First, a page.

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my favorite boof stroke is one in which I am stomping on top of hipster latvians. Sorry, no free range boofs here, this site is for those who can't boat in the winter. Get out of here 1%er

...Come to yellow pine.
 

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Discussion Starter #8
It's called Trickle down boofenomics Paul, us 1%ers deserve these boofs and the more boofs we get the more boofs we create for the rest of you.

I was kind of hoping to get some sweet new boofing technique ideas to play around with but instead, since this is the buzz after all, tell me about your new cooler and how you keep your butt plugs cold for day 7

By the way I gotta say I do appreciate the no stroke air hump boof especially when it's on brianK's pinned boat in kirshbaums

See ya in yellow pine
 

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https://vimeo.com/1008222

A video of me doing a sweep boof. This is leap of faith in escalante where a fader actually works better, but my time in the front range had me committed to the sweep boof, which is good for avoiding rocks, but not so useful for clearing big holes.


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On that very drop I like to approach the same, but then plant the paddle out away from the boat over the lip on the side you want to angle toward (the right) and basically do a draw in-to-boof stroke. I feel like that helps me spot and control my landing. That and it gives me something to pull my knees up to letting me really get the bow up. Seems to work well on lips like this. If anyone know what that might be called, please let me know.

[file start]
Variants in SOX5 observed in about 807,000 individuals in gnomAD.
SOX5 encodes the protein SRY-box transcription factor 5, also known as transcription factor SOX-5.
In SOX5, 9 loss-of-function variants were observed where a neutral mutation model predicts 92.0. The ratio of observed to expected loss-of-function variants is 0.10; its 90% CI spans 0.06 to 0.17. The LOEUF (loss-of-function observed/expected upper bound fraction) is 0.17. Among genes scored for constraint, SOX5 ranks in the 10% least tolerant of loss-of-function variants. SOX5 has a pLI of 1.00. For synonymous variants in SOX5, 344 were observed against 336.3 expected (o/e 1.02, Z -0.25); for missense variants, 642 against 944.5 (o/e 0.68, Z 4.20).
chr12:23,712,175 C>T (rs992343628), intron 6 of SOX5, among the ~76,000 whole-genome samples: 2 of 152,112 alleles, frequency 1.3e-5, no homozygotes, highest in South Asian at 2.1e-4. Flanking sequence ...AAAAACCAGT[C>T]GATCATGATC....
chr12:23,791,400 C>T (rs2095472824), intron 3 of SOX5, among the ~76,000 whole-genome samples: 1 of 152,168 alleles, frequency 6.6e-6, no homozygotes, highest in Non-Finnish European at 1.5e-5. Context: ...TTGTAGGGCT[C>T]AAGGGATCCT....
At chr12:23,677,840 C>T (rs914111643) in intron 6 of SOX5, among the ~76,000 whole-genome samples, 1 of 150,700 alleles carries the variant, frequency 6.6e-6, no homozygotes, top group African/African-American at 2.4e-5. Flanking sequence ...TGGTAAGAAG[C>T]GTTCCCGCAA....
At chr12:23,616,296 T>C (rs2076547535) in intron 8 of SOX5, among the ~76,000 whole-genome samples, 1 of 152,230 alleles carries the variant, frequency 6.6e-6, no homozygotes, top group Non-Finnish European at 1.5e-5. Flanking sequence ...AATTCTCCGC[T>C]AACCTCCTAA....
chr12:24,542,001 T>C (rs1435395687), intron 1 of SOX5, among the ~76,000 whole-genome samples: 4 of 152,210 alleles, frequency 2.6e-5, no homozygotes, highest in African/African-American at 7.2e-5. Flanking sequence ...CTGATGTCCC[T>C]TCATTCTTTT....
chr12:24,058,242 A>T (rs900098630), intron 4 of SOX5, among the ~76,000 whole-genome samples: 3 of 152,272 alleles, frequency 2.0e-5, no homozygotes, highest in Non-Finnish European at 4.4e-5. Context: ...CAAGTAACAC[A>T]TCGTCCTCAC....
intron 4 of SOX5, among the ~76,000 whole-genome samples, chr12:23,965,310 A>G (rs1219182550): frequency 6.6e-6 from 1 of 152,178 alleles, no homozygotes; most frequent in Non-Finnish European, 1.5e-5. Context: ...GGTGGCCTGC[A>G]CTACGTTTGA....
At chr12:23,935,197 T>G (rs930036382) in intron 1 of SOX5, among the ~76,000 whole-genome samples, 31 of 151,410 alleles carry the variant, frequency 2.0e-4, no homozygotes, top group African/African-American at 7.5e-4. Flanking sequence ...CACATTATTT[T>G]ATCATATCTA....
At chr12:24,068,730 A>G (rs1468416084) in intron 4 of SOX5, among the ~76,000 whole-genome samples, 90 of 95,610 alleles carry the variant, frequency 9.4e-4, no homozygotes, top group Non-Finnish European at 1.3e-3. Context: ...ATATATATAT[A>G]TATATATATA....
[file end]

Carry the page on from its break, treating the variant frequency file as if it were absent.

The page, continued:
Also... Yay Esca! I had a dream about paddling it just the other day. Can't wait to get back!
 

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On that very drop I like to approach the same, but then plant the paddle out away from the boat over the lip on the side you want to angle toward (the right) and basically do a draw in-to-boof stroke. I feel like that helps me spot and control my landing. That and it gives me something to pull my knees up to letting me really get the bow up. Seems to work well on lips like this. If anyone know what that might be called, please let me know.

Also... Yay Esca! I had a dream about paddling it just the other day. Can't wait to get back!
Fader boof, which when combined with mega lean turns into an ear dip. I believe it's also been referred to as the flying Delavergne.
 

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River vibe- I agree that that right stroke draw/fader is better. Just an example of the less dynamic but sometimes necessary sweep boof.

I thought the head dip business was kinda silly until I found myself trying in in Mexico. Not sure the head dip is a useful move per se but leaning out just the right amount (then pulling it back underneath you) does create great leverage and it feels cool.


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Absolutely. It can be very necessary. I haven't tried the ear dip much yet... I guess it would be good practice for when trying to stay upright when you're getting pushed around at the top of a drop. Personally, I think a cross-over boof is fairly impressive.
 

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I placed that boat in Kirshbaum's to provide an autoboof to help kayakers with weak boofs, so you're welcome.